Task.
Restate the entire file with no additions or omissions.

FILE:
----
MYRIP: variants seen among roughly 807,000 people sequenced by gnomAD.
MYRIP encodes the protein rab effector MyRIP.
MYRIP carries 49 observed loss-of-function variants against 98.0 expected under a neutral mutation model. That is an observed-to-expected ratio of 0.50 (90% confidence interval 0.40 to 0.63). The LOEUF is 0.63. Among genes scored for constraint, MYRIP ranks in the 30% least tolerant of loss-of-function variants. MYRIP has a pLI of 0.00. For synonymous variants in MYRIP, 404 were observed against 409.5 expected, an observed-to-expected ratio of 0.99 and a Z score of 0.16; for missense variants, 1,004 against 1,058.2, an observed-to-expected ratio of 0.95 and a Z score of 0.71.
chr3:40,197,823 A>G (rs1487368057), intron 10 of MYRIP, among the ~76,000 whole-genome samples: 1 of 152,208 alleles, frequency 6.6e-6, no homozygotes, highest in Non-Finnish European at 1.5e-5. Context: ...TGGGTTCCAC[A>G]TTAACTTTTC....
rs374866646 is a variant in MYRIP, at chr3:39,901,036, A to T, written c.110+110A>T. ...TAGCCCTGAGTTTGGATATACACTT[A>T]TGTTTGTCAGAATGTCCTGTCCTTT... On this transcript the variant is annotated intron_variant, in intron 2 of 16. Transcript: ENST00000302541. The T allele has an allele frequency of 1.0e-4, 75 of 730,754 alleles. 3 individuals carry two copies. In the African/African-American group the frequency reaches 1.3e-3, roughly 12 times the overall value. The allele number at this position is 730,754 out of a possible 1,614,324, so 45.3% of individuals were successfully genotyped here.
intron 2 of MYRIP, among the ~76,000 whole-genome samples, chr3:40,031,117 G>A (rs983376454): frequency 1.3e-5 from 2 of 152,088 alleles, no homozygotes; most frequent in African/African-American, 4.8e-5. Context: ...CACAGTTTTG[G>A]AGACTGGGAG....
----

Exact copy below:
MYRIP: variants seen among roughly 807,000 people sequenced by gnomAD.
MYRIP encodes the protein rab effector MyRIP.
MYRIP carries 49 observed loss-of-function variants against 98.0 expected under a neutral mutation model. That is an observed-to-expected ratio of 0.50 (90% confidence interval 0.40 to 0.63). The LOEUF is 0.63. Among genes scored for constraint, MYRIP ranks in the 30% least tolerant of loss-of-function variants. MYRIP has a pLI of 0.00. For synonymous variants in MYRIP, 404 were observed against 409.5 expected, an observed-to-expected ratio of 0.99 and a Z score of 0.16; for missense variants, 1,004 against 1,058.2, an observed-to-expected ratio of 0.95 and a Z score of 0.71.
chr3:40,197,823 A>G (rs1487368057), intron 10 of MYRIP, among the ~76,000 whole-genome samples: 1 of 152,208 alleles, frequency 6.6e-6, no homozygotes, highest in Non-Finnish European at 1.5e-5. Context: ...TGGGTTCCAC[A>G]TTAACTTTTC....
rs374866646 is a variant in MYRIP, at chr3:39,901,036, A to T, written c.110+110A>T. ...TAGCCCTGAGTTTGGATATACACTT[A>T]TGTTTGTCAGAATGTCCTGTCCTTT... On this transcript the variant is annotated intron_variant, in intron 2 of 16. Transcript: ENST00000302541. The T allele has an allele frequency of 1.0e-4, 75 of 730,754 alleles. 3 individuals carry two copies. In the African/African-American group the frequency reaches 1.3e-3, roughly 12 times the overall value. The allele number at this position is 730,754 out of a possible 1,614,324, so 45.3% of individuals were successfully genotyped here.
intron 2 of MYRIP, among the ~76,000 whole-genome samples, chr3:40,031,117 G>A (rs983376454): frequency 1.3e-5 from 2 of 152,088 alleles, no homozygotes; most frequent in African/African-American, 4.8e-5. Context: ...CACAGTTTTG[G>A]AGACTGGGAG....